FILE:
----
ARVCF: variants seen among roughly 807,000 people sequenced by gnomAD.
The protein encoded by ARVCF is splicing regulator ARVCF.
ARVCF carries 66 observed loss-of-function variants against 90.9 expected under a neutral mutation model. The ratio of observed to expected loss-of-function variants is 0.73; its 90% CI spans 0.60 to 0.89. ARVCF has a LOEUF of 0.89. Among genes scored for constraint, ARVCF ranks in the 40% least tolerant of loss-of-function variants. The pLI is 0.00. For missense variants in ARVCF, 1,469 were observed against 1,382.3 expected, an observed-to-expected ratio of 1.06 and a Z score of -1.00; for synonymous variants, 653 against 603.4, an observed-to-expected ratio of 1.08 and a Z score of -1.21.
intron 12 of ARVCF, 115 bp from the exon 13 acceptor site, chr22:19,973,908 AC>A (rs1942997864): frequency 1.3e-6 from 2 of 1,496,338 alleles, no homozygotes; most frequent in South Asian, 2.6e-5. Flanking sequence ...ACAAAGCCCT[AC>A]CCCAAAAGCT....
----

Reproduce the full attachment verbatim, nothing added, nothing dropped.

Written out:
ARVCF: variants seen among roughly 807,000 people sequenced by gnomAD.
The protein encoded by ARVCF is splicing regulator ARVCF.
ARVCF carries 66 observed loss-of-function variants against 90.9 expected under a neutral mutation model. The ratio of observed to expected loss-of-function variants is 0.73; its 90% CI spans 0.60 to 0.89. ARVCF has a LOEUF of 0.89. Among genes scored for constraint, ARVCF ranks in the 40% least tolerant of loss-of-function variants. The pLI is 0.00. For missense variants in ARVCF, 1,469 were observed against 1,382.3 expected, an observed-to-expected ratio of 1.06 and a Z score of -1.00; for synonymous variants, 653 against 603.4, an observed-to-expected ratio of 1.08 and a Z score of -1.21.
intron 12 of ARVCF, 115 bp from the exon 13 acceptor site, chr22:19,973,908 AC>A (rs1942997864): frequency 1.3e-6 from 2 of 1,496,338 alleles, no homozygotes; most frequent in South Asian, 2.6e-5. Flanking sequence ...ACAAAGCCCT[AC>A]CCCAAAAGCT....